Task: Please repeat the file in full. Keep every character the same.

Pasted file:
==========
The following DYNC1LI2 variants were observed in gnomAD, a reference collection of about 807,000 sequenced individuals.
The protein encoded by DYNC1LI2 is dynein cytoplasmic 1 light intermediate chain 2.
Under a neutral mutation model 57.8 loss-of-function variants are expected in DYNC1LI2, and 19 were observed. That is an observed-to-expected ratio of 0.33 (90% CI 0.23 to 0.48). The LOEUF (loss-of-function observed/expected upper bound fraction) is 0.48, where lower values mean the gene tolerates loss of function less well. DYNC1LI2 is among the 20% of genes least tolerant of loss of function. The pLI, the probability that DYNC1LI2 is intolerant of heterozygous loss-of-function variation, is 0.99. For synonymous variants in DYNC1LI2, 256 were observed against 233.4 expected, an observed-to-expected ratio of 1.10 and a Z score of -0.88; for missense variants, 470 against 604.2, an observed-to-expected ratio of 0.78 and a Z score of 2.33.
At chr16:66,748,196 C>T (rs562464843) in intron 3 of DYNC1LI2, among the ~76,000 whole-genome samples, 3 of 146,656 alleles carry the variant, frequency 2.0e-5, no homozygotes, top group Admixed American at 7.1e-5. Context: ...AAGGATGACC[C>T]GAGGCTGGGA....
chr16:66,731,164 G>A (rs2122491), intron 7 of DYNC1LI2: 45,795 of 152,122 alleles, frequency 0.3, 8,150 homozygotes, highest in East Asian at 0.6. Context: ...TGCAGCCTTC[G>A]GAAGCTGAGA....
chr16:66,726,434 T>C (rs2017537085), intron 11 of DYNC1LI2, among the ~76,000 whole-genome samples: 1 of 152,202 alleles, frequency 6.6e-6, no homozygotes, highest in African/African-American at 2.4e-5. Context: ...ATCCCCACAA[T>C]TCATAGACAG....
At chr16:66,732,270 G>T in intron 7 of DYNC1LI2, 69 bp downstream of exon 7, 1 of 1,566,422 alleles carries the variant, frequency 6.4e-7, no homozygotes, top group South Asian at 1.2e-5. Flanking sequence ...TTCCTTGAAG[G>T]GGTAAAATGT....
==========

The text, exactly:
The following DYNC1LI2 variants were observed in gnomAD, a reference collection of about 807,000 sequenced individuals.
The protein encoded by DYNC1LI2 is dynein cytoplasmic 1 light intermediate chain 2.
Under a neutral mutation model 57.8 loss-of-function variants are expected in DYNC1LI2, and 19 were observed. That is an observed-to-expected ratio of 0.33 (90% CI 0.23 to 0.48). The LOEUF (loss-of-function observed/expected upper bound fraction) is 0.48, where lower values mean the gene tolerates loss of function less well. DYNC1LI2 is among the 20% of genes least tolerant of loss of function. The pLI, the probability that DYNC1LI2 is intolerant of heterozygous loss-of-function variation, is 0.99. For synonymous variants in DYNC1LI2, 256 were observed against 233.4 expected, an observed-to-expected ratio of 1.10 and a Z score of -0.88; for missense variants, 470 against 604.2, an observed-to-expected ratio of 0.78 and a Z score of 2.33.
At chr16:66,748,196 C>T (rs562464843) in intron 3 of DYNC1LI2, among the ~76,000 whole-genome samples, 3 of 146,656 alleles carry the variant, frequency 2.0e-5, no homozygotes, top group Admixed American at 7.1e-5. Context: ...AAGGATGACC[C>T]GAGGCTGGGA....
chr16:66,731,164 G>A (rs2122491), intron 7 of DYNC1LI2: 45,795 of 152,122 alleles, frequency 0.3, 8,150 homozygotes, highest in East Asian at 0.6. Context: ...TGCAGCCTTC[G>A]GAAGCTGAGA....
chr16:66,726,434 T>C (rs2017537085), intron 11 of DYNC1LI2, among the ~76,000 whole-genome samples: 1 of 152,202 alleles, frequency 6.6e-6, no homozygotes, highest in African/African-American at 2.4e-5. Context: ...ATCCCCACAA[T>C]TCATAGACAG....
At chr16:66,732,270 G>T in intron 7 of DYNC1LI2, 69 bp downstream of exon 7, 1 of 1,566,422 alleles carries the variant, frequency 6.4e-7, no homozygotes, top group South Asian at 1.2e-5. Flanking sequence ...TTCCTTGAAG[G>T]GGTAAAATGT....